My empty bucket

A blog by Adam Morris

The regional adjustment burro


Credit card fraud with Capital One is very amusing.

There is this entity called the regional adjustment burro who keeps trying collect on a debt for a credit card opened in my name last year at an address I lived over 6 years ago.

For some reason, they don’t like to call me. Somehow they found my sister’s number in Salt Lake City, and like to call her instead. Perhaps it is because I live in the UK, and they are too cheap to make international calls, or perhaps it is because my sister is such a wonderful person to talk to, they find it more fun to call her instead. Note: They definitely have my number here in the UK, I verify this every time I call… they just choose not to use it.

I dealt with this in November, and handed it off to Capital One as fraud. I’m not sure of the law in the US, but as a resident in the UK, fraud is 100% responsibility of the credit card company. I tried to explain this to the adjustment burro, but they don’t seem to understand and just keep trying to sell me on the benefits of paying off their debt.

I called the fraud department (who do have their act together) and spoke with the person I filed the fraud with in November – and sure enough, my account has been correctly marked at fraud and the adjustment burro ought to know this and shouldn’t be contacting me. (Although, perhaps it’s okay for them to contact my sister… I forgot to clear up that mystery.) So all is nice and dandy, but the kind lady in the fraud department can’t call the adjustment burro, she can only re-mark the account as frauded so that I won’t be contacted again. (Which, as we discovered, did not exactly work last time.)

At least I called the adjustment burro back and gave them the extension of the lady I spoke with at the fraud department, so hopefully they can have a nice little chat and won’t have to involve me anymore. Or my sister.

The danger of thinking

Not to be able to stop thinking is a dreadful affliction, but we don’t realize this because almost everybody is suffering from it, so it is considered normal.
— Eckhart Tolle

So much for mindfulness. Yesterday I wrote a short post, and saved it, but didn’t think to publish it. That is known in scientific circles as the “absence of mindfulness”. It was a miracle that the thinking blog found me today, which appeared to be exactly what I needed… until I found myself having optical seizures. (Which just fuels my theory that too much thinking is painful.)

So am I supposed to think or not? Becoming brain-dead certainly isn’t the answer.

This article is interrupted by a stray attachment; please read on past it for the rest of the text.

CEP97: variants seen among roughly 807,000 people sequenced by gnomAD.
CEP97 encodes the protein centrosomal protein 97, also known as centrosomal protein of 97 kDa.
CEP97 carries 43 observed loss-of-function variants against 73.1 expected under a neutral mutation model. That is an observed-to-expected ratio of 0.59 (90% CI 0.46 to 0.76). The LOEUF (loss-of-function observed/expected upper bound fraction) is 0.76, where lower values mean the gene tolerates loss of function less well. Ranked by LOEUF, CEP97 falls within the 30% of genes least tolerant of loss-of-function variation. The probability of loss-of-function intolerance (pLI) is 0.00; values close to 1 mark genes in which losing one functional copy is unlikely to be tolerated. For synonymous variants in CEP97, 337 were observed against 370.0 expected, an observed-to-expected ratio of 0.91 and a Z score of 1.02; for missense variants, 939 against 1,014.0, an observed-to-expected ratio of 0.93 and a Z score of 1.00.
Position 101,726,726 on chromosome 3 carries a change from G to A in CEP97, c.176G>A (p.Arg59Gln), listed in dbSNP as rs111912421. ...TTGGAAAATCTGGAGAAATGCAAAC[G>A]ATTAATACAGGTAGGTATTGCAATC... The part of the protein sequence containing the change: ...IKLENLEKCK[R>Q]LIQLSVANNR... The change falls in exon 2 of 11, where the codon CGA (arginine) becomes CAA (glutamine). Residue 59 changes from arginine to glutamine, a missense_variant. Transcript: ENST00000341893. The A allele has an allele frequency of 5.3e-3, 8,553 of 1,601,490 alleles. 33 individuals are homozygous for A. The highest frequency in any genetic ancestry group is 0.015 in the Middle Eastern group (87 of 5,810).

To be mindful is to be aware of what you are experiencing in the present moment. It is about observing the emotions and feelings you are experiencing, and being aware of the thoughts fluttering into your mind. The point is not to stop your mind from thinking, rather to stop your mind from thinking uncontrollably.


How often are you caught up in your thoughts, worrying about tomorrow, regretting yesterday, or waiting for something to happen? Are you aware and conscious of what you are experiencing right now? Do you notice the strain on your eyes from staring at your computer for too long? Or is that just me?

This week’s topic is about mindfulness. I’ll try to remember.

Bedtime meditation

As I lie in bed at night, I practice a simple gratitude meditation before I fall asleep. For about five minutes, I review my day, and focus on a few things that I am thankful for (trash cans, toilet paper, healthy toenails). It is not as important what my gratitude is about (whether it something small, like the London transport working, or something big, like the London transport working), but that my feelings are genuine (like when the London transport is working).

If I can foster these feelings of gratitude, then I sleep more deeply, and when I wake up the next morning I am centered and excited to start my day. How my day starts has a huge impact on the rest of my day. If I wake up feeling grumpy, for example, the London transport usually breaks down. So if 5 minutes or reflection can keep my underground running, how can I resist?

If you’re having trouble, here is another gratitude meditation. Or, just visit the Transport for London to see how well I’m doing.

Thankful lists

There are quite a few lists of what people on the
internet are thankful for.

From my exhaustive search, I learned a number of quality things:

  1. People are notably more thankful around thanksgiving.